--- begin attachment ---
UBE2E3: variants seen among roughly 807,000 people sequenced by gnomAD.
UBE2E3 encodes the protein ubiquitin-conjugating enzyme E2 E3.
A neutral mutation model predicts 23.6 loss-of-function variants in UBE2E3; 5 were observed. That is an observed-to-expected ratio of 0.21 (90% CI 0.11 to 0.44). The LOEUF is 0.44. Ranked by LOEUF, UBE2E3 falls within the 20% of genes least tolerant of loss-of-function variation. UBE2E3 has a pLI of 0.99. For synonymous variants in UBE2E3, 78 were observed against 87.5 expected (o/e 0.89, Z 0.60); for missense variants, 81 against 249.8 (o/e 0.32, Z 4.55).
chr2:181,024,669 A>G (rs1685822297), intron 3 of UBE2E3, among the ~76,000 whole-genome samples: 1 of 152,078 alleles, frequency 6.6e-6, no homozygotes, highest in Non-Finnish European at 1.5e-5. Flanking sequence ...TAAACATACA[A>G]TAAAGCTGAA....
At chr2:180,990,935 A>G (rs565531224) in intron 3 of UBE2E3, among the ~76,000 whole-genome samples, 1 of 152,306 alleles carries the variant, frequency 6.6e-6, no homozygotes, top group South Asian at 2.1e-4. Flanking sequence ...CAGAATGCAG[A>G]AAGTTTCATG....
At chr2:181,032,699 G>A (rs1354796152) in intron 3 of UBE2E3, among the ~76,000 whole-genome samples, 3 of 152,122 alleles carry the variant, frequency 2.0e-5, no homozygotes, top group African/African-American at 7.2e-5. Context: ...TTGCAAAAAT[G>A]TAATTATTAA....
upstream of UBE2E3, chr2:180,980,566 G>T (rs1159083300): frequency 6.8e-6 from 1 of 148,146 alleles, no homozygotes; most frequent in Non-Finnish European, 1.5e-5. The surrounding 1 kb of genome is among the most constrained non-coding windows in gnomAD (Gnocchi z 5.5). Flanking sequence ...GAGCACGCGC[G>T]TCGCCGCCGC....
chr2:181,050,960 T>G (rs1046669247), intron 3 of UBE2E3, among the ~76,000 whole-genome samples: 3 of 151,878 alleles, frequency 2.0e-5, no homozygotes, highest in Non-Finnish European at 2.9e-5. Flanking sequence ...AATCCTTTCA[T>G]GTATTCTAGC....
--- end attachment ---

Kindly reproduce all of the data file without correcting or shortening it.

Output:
UBE2E3: variants seen among roughly 807,000 people sequenced by gnomAD.
UBE2E3 encodes the protein ubiquitin-conjugating enzyme E2 E3.
A neutral mutation model predicts 23.6 loss-of-function variants in UBE2E3; 5 were observed. That is an observed-to-expected ratio of 0.21 (90% CI 0.11 to 0.44). The LOEUF is 0.44. Ranked by LOEUF, UBE2E3 falls within the 20% of genes least tolerant of loss-of-function variation. UBE2E3 has a pLI of 0.99. For synonymous variants in UBE2E3, 78 were observed against 87.5 expected (o/e 0.89, Z 0.60); for missense variants, 81 against 249.8 (o/e 0.32, Z 4.55).
chr2:181,024,669 A>G (rs1685822297), intron 3 of UBE2E3, among the ~76,000 whole-genome samples: 1 of 152,078 alleles, frequency 6.6e-6, no homozygotes, highest in Non-Finnish European at 1.5e-5. Flanking sequence ...TAAACATACA[A>G]TAAAGCTGAA....
At chr2:180,990,935 A>G (rs565531224) in intron 3 of UBE2E3, among the ~76,000 whole-genome samples, 1 of 152,306 alleles carries the variant, frequency 6.6e-6, no homozygotes, top group South Asian at 2.1e-4. Flanking sequence ...CAGAATGCAG[A>G]AAGTTTCATG....
At chr2:181,032,699 G>A (rs1354796152) in intron 3 of UBE2E3, among the ~76,000 whole-genome samples, 3 of 152,122 alleles carry the variant, frequency 2.0e-5, no homozygotes, top group African/African-American at 7.2e-5. Context: ...TTGCAAAAAT[G>A]TAATTATTAA....
upstream of UBE2E3, chr2:180,980,566 G>T (rs1159083300): frequency 6.8e-6 from 1 of 148,146 alleles, no homozygotes; most frequent in Non-Finnish European, 1.5e-5. The surrounding 1 kb of genome is among the most constrained non-coding windows in gnomAD (Gnocchi z 5.5). Flanking sequence ...GAGCACGCGC[G>T]TCGCCGCCGC....
chr2:181,050,960 T>G (rs1046669247), intron 3 of UBE2E3, among the ~76,000 whole-genome samples: 3 of 151,878 alleles, frequency 2.0e-5, no homozygotes, highest in Non-Finnish European at 2.9e-5. Flanking sequence ...AATCCTTTCA[T>G]GTATTCTAGC....